Fibonacci Sequence: The Key to Unravel The Mysteries in Nature
Beginning with a single pair of rabbits, if every month each productive pair bears a new pair, which becomes productive when they are 1 month old, how many rabbits will there be after n months? This is the question solved by Leonardo Pisano which led to the discovery of Fibonacci sequence and numbers. Mathematical challenges and competitions were common during his time and that problem was posed in a tournament in 1225 headed by Frederick II. Leonardo Pisano was commonly called as Fibonacci which means son of Bonacci. He is considered as the greatest European mathematician of the middle ages. At an early age, he showed excellent characteristics in the field of mathematics including the decimal number system. However he is famous for his Fibonacci sequence and numbers. Fibonacci sequence is an order of numbers in which the successive number is equal to the sum of the two preceding numbers.
Using the Fibonacci sequence to solve the posed problem may appear trivial, but once explained, the steps are easy and simple. Fibonacci sequence amazed and surprised mathematicians for years and centuries. In fact Fibonacci sequence is reflected not only in the field of mathematics but in nature as well. The Greeks have used the Fibonacci sequence to devise means in achieving balance of life and other Greek structures as well which include the famous Parthenon.
The Fibonacci sequence is also exhibited in nature which as some philosophers and mathematicians said, is nature's way of revealing its mystery. Fibonacci sequence can be seen everywhere from the pattern of the flowers, the arrangement of lines in a leaf, the branches of the tree, the ordinary seeds that fall on the ground, the cones, the beehives and everything you lay your eyes on. Through Fibonacci sequence the unraveled mysteries imbibed within the exquisite details of nature are little by little, revealed and understood.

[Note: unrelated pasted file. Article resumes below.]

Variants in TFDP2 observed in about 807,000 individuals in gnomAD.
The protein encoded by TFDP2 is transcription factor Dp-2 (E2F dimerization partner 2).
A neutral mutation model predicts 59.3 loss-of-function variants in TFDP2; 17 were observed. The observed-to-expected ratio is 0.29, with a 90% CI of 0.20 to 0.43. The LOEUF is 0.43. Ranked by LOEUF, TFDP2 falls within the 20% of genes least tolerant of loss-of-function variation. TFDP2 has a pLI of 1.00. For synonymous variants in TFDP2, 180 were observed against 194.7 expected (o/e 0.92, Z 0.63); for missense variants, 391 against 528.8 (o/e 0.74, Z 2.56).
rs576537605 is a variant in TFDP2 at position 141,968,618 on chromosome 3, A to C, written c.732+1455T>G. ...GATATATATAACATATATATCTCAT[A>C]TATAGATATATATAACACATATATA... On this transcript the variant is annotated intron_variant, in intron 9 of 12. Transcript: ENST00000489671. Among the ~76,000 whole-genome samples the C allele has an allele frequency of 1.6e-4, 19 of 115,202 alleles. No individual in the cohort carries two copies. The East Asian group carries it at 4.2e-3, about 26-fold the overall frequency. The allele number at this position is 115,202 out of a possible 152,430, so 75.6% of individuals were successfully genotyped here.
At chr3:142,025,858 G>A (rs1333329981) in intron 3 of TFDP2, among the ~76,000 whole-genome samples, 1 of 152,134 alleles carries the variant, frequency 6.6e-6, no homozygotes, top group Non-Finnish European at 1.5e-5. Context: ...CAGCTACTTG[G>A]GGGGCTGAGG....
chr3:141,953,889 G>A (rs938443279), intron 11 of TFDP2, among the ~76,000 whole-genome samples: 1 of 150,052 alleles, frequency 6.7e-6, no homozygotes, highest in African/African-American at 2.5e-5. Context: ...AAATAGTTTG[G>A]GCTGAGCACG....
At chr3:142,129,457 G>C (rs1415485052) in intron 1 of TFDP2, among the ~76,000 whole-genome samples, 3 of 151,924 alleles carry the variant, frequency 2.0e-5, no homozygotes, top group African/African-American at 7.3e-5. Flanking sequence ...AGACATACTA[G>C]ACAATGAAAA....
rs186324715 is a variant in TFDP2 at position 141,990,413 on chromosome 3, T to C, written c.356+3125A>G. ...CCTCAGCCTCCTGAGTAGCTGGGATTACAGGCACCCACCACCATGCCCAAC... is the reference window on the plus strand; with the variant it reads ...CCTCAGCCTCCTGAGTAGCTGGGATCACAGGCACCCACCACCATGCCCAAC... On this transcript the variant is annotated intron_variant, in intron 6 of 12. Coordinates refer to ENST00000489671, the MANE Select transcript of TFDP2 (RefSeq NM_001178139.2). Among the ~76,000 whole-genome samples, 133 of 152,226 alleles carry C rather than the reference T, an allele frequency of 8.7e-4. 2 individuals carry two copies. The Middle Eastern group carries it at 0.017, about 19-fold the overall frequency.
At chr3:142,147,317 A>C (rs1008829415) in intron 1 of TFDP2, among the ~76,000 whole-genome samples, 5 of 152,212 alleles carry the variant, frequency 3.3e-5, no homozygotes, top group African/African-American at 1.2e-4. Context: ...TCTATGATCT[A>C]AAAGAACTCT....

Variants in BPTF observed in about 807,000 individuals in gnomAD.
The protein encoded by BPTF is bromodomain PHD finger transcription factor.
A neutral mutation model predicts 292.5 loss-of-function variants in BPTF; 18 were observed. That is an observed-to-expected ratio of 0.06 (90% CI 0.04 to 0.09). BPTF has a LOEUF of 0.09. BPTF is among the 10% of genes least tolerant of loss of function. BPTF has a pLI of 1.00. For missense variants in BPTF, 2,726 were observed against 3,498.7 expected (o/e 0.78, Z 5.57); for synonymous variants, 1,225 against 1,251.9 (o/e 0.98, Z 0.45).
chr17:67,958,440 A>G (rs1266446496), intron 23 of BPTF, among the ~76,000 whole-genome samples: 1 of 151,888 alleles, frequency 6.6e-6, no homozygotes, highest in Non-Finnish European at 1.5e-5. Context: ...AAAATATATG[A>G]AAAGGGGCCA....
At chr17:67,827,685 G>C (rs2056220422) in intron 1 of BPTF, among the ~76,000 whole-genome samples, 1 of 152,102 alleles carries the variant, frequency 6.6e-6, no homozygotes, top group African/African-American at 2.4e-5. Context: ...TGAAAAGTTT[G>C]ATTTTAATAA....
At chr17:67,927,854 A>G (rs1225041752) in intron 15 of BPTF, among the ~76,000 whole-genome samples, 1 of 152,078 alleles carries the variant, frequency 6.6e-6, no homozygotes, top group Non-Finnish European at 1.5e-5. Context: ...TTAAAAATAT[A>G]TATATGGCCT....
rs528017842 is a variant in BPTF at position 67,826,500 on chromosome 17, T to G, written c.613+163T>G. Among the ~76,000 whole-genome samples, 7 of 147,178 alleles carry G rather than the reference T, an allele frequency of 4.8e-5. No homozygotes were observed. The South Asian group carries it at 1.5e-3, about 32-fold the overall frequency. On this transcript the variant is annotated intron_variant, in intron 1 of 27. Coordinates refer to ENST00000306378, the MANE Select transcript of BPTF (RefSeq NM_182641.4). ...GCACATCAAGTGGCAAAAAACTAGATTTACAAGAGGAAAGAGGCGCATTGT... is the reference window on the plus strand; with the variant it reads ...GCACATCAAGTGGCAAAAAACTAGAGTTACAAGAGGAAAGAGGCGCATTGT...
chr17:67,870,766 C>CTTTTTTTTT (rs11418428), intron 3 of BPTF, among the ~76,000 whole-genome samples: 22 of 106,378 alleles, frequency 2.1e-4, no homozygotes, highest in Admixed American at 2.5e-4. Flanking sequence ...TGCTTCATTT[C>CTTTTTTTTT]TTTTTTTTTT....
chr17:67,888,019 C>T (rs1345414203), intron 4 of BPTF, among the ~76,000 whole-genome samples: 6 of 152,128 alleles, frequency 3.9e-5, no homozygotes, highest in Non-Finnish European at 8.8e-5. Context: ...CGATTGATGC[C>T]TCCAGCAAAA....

Plants are commonly used to demonstrate the presence of Fibonacci sequence in nature. It is seen on the exquisite arrangement of leaves, the wings of a bird or a butterfly, the cones, the webs of spiders, the design of a seashell, the petals of a flower and the features of seeds. The Fibonacci sequence (0, 1, 1, 2, 3, 5, 8, 13, ...) are readily seen by the naked eye on the one-petalled flower like the lily, the two-petals of a euphorbia, the five petals of a columbines and buttercups and the list goes on.
A close observation on the design or arrangement of seeds would also reveal the presence of Fibonacci sequence. The vast number of seeds produces a uniform pattern which allocates the seed together irregardless of the size without extending beyond the distance occupied by each seed. In the case of leaves, Fibonacci sequence allows the right share of sunlight for each leaves that is why if you would try to look down on a plant, the leaves are arranged in a manner that the leaves below is not hidden or covered by the leave above.
The Fibonacci sequence is also used as a tool in other fields of human concerns. Fibonacci sequence is used by the Greeks to build the famous Parthenon in Athens which is one of the most notable figure I the field of Architecture. In the field of Art, Fibonacci sequence can also be seen on the works of Leonardo da Vinci, Georges Seurat, Mondrian, Paul Signac and Albrecht Durer. Even stress and meter in the field of Poetry also have elements of the Fibonacci sequence. In Music, the works of Mozart, Beethoven, Debussy, Schubert, Bach, Bartok and Satie also manifest the use of Fibonacci sequence.